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Why rethink Christopher Columbus? Because the Columbus myth is a foundation of children's beliefs about society. Columbus is often a child's first lesson about encounters between different cultures and races. The murky legend of a brave adventurer tells children whose version of history to accept, and whose to ignore. It says nothing about the brutality of the European invasion of North America.
We need to listen to a wider range of voices. We need to hear from those whose lands and rights were taken away by those who "discovered" them. Their stories, too often suppressed, tell of 500 years of courageous struggle, and the lasting wisdom of native peoples. Understanding what really happened to them in 1492 is key to understanding why people suffer the same injustices today.
More than 80 essays, poems, interviews, historical vignettes, and lesson plans reevaluate the myth of Columbus and issues of indigenous rights. Rethinking Columbus is packed with useful teaching ideas for kindergarten through college.
In this New Edition:
- Updated resource listings
- Classroom materials
- Handouts and lesson plans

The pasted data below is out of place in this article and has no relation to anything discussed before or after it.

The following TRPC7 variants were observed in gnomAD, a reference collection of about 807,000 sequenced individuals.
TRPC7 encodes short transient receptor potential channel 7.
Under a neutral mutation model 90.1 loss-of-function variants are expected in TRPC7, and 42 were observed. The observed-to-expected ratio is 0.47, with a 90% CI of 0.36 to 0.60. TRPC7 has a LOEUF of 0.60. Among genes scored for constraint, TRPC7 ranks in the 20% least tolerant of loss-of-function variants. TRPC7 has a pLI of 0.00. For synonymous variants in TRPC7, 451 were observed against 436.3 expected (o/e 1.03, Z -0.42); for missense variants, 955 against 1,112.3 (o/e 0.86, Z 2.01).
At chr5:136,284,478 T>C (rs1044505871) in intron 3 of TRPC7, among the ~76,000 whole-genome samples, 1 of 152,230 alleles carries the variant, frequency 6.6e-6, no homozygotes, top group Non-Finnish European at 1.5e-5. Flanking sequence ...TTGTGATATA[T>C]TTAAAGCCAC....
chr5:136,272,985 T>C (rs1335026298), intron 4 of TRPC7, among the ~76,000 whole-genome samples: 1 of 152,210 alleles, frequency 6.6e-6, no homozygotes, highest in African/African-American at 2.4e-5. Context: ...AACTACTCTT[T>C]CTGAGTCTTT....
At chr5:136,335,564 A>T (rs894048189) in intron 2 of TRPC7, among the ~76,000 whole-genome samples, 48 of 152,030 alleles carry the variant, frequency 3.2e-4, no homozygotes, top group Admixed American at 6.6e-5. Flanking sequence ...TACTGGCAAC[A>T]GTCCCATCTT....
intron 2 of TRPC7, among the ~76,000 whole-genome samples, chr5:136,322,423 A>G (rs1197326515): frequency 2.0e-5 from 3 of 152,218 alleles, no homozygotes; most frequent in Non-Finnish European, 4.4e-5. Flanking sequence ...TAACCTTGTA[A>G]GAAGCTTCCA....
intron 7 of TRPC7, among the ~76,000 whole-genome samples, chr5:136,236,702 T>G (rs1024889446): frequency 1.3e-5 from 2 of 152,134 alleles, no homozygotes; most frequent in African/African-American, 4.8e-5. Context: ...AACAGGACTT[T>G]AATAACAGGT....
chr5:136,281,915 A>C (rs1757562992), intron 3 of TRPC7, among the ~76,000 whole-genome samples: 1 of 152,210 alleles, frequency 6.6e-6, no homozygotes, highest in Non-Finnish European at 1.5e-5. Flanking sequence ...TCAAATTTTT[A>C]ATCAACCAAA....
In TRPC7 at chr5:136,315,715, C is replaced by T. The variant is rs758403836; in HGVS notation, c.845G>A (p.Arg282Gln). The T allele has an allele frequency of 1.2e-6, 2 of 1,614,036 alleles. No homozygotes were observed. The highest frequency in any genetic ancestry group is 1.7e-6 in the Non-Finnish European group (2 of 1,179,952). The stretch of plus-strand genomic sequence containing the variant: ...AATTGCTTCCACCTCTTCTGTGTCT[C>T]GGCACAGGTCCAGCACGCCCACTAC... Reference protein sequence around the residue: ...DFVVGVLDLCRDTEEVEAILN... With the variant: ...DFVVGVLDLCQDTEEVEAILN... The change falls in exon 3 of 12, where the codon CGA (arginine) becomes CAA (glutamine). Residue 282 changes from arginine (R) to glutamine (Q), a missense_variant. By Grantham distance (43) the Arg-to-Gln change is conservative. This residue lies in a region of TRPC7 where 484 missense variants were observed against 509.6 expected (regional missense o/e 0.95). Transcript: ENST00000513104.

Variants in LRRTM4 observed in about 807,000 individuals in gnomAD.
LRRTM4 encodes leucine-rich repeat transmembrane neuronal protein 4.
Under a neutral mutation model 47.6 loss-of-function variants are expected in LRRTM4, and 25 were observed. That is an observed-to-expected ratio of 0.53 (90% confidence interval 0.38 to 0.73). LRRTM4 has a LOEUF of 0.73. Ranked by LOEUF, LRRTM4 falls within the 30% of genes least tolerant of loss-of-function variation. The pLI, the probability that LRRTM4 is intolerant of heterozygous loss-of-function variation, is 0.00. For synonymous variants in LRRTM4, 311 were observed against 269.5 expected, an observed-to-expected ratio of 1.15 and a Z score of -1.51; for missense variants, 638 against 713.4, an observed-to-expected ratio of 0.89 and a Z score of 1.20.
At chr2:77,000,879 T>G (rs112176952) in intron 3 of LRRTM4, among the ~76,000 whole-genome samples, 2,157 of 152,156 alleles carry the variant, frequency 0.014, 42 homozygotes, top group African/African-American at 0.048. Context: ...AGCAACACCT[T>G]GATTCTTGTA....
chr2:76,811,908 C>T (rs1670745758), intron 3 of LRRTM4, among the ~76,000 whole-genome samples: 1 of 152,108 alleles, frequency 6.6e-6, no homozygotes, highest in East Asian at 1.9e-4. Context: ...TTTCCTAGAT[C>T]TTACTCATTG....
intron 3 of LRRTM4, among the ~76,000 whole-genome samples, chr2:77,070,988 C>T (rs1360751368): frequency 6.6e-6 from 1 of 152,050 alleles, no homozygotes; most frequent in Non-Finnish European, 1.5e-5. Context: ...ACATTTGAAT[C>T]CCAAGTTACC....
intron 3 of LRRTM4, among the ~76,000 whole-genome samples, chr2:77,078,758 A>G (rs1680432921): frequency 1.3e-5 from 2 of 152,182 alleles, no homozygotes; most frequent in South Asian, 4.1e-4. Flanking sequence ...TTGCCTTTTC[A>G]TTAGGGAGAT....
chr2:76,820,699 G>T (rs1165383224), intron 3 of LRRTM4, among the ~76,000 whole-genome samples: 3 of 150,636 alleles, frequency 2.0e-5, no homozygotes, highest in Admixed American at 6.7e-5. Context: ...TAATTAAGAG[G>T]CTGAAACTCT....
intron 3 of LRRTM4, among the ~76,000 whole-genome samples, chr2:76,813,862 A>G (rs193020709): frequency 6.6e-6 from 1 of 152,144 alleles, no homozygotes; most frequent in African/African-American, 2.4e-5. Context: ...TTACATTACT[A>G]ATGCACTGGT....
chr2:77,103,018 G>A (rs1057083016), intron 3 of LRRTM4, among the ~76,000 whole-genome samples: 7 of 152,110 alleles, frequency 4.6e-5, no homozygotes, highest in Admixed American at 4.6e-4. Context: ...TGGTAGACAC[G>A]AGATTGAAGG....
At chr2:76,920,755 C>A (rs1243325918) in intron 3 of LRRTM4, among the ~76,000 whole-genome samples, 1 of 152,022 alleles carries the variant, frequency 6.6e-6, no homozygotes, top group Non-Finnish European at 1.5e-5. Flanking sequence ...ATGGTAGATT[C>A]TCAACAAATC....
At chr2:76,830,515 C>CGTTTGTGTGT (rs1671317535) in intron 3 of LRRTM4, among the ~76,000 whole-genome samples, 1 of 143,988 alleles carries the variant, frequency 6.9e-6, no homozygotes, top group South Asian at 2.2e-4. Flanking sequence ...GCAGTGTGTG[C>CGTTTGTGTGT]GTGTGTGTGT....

- Web site listings
- And much more!
First published in 1991, Rethinking Columbus has changed the way schools teach about the "discovery of America." This greatly expanded edition has more than 100 pages of new material, including handouts to conduct a classroom "Trial of Columbus" and other activities.
"The original edition made educational history by introducing a startling new view of Columbus … In the revised edition we get even richer material, a marvelous compendium of history, literature, original sources, commentary … an exciting treasure for teachers, students, and the general public."
— Howard Zinn, author A People's History of the United States
"Our Creator gave each of us two ears. Thus we have the ability to listen to both sides. Since its first publication, Rethinking Columbus has been a valuable resource for librarians, teachers, and all those interested in using both of their ears to hear this complex story. The good news about the second edition is that it remains just as readable and interesting while adding much new material. This is truly a book that deserves (and needs) to be in every school library."
— Joseph Bruchac (Abenaki), editor of the Greenfield Review